Fingle Bridge became a popular beauty spot and a destination for tourists during the Victorian period. A tea shop was built on the north bank of the river to serve the tourist trade. That tea shop is now the Fingle Bridge Inn, a riverside pub that is justifiably popular with walkers and the many families that come to explore the river valley.
There are several popular walking trails on both banks of the river, including a classic circular trail to Castle Drogo and back, and another trail leading up to the Iron Age hillfort of Cranbrook Castle. I took this photo from the river bank by the Inn - before stopping with my family for a refreshing cider.
I had to include at least one photo of a Dartmoor clapper bridge. Clapper bridges are a common sight on Dartmoor. There are popular examples at Two Bridges and Dartmeet, to name just a few. Then there's this one at Postbridge, perhaps the most famous of all, spanning the East Dart.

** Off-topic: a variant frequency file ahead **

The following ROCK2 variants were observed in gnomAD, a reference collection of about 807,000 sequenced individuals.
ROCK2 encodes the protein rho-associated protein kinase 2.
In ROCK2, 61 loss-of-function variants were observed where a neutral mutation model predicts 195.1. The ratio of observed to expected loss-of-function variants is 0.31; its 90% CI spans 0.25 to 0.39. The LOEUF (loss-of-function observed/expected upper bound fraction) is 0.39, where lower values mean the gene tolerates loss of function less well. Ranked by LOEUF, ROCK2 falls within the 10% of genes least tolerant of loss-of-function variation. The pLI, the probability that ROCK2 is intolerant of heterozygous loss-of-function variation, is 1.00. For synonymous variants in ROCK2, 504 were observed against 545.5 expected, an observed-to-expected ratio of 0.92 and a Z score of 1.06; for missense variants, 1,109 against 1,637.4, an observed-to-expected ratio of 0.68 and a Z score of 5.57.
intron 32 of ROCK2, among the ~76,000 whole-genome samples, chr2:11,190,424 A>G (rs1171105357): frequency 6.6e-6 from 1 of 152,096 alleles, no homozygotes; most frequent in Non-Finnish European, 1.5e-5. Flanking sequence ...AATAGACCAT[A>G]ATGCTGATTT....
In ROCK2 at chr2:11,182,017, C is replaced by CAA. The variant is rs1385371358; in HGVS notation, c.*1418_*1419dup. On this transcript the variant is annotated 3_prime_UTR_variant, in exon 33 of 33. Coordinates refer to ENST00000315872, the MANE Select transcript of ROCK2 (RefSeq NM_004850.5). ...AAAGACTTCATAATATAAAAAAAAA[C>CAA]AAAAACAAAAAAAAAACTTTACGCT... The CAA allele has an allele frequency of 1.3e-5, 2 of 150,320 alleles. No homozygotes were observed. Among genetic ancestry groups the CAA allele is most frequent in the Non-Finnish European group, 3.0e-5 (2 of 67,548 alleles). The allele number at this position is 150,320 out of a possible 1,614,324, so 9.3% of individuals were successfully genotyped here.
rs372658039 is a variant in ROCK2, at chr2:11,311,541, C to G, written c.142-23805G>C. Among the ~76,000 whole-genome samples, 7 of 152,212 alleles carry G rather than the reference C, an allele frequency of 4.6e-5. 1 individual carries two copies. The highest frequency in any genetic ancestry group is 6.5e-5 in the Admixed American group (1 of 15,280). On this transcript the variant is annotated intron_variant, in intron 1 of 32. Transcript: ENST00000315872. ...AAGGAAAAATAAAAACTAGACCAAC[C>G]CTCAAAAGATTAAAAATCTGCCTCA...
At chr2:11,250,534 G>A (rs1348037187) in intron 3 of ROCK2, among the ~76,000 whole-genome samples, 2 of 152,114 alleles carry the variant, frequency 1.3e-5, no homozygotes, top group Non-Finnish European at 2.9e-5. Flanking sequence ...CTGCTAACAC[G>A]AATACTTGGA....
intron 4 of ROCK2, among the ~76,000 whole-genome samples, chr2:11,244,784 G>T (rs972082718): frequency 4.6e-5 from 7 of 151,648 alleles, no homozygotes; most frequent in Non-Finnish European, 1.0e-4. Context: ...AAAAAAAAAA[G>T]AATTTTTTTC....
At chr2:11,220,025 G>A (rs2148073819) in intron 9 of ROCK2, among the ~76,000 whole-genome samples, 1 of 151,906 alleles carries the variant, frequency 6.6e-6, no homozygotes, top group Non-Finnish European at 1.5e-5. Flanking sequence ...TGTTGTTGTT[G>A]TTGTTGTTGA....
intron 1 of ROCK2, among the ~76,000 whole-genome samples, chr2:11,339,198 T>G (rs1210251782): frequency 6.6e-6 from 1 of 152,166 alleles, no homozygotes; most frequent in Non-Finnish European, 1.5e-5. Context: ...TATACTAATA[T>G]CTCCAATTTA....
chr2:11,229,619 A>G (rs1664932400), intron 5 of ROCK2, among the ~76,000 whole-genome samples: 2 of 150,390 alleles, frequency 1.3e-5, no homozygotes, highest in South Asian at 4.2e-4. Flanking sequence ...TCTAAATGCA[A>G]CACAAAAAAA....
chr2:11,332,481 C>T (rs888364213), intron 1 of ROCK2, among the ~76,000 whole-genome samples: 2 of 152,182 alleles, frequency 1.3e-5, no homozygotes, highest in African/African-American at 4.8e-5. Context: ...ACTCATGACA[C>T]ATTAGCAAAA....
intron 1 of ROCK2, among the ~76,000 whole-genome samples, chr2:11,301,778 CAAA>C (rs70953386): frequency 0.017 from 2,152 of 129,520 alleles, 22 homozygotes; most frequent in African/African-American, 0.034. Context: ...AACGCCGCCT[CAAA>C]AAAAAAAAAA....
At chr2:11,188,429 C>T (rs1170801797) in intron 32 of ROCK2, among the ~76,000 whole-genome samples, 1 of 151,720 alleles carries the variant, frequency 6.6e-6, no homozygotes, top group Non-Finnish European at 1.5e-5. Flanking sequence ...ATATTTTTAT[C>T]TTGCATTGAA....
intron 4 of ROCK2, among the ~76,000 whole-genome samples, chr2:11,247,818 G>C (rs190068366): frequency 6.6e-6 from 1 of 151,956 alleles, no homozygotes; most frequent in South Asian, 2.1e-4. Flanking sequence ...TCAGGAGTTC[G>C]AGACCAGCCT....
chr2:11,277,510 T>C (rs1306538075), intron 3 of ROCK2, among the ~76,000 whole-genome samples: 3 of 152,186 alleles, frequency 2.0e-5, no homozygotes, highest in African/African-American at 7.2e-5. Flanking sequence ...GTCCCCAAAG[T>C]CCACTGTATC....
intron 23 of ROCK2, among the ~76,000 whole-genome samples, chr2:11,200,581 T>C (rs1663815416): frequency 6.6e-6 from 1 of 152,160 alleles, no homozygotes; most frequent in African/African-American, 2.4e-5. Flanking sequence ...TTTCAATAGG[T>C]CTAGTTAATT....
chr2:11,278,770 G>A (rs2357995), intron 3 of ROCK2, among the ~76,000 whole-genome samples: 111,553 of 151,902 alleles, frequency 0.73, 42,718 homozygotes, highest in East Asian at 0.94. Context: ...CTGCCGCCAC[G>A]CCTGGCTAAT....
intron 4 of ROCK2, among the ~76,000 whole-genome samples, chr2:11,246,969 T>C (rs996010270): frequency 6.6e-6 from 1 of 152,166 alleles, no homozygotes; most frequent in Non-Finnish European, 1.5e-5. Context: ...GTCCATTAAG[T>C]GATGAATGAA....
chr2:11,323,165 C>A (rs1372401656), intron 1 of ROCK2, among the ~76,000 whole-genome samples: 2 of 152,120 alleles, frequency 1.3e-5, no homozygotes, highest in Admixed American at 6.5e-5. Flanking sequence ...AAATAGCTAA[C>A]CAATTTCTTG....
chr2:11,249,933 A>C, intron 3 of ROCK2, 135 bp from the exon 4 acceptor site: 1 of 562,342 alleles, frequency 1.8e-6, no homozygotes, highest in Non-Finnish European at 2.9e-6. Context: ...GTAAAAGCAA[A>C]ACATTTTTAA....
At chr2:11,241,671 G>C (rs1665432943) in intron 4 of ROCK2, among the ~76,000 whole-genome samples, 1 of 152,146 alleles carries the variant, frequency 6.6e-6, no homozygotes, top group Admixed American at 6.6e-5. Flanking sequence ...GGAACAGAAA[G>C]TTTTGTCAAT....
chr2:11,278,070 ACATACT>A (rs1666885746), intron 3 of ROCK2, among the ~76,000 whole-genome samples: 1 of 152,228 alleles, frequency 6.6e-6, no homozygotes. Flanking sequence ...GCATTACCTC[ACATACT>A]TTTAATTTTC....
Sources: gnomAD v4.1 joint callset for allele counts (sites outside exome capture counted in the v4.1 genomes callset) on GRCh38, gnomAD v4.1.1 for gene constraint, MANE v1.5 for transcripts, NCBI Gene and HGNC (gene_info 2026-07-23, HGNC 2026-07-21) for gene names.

The bridge may date to as early as the 12th century and is made of three large granite piers supporting four massive slabs, with a total span of over 42 feet.
Beside the medieval bridge is another bridge built in the 1780s to carry traffic between Moretonhampstead and Tavistock. Postbridge clapper bridge appears on numerous calendars and postcards and is one of Dartmoor's most popular visitor attractions - partly because it is so absurdly easy to reach.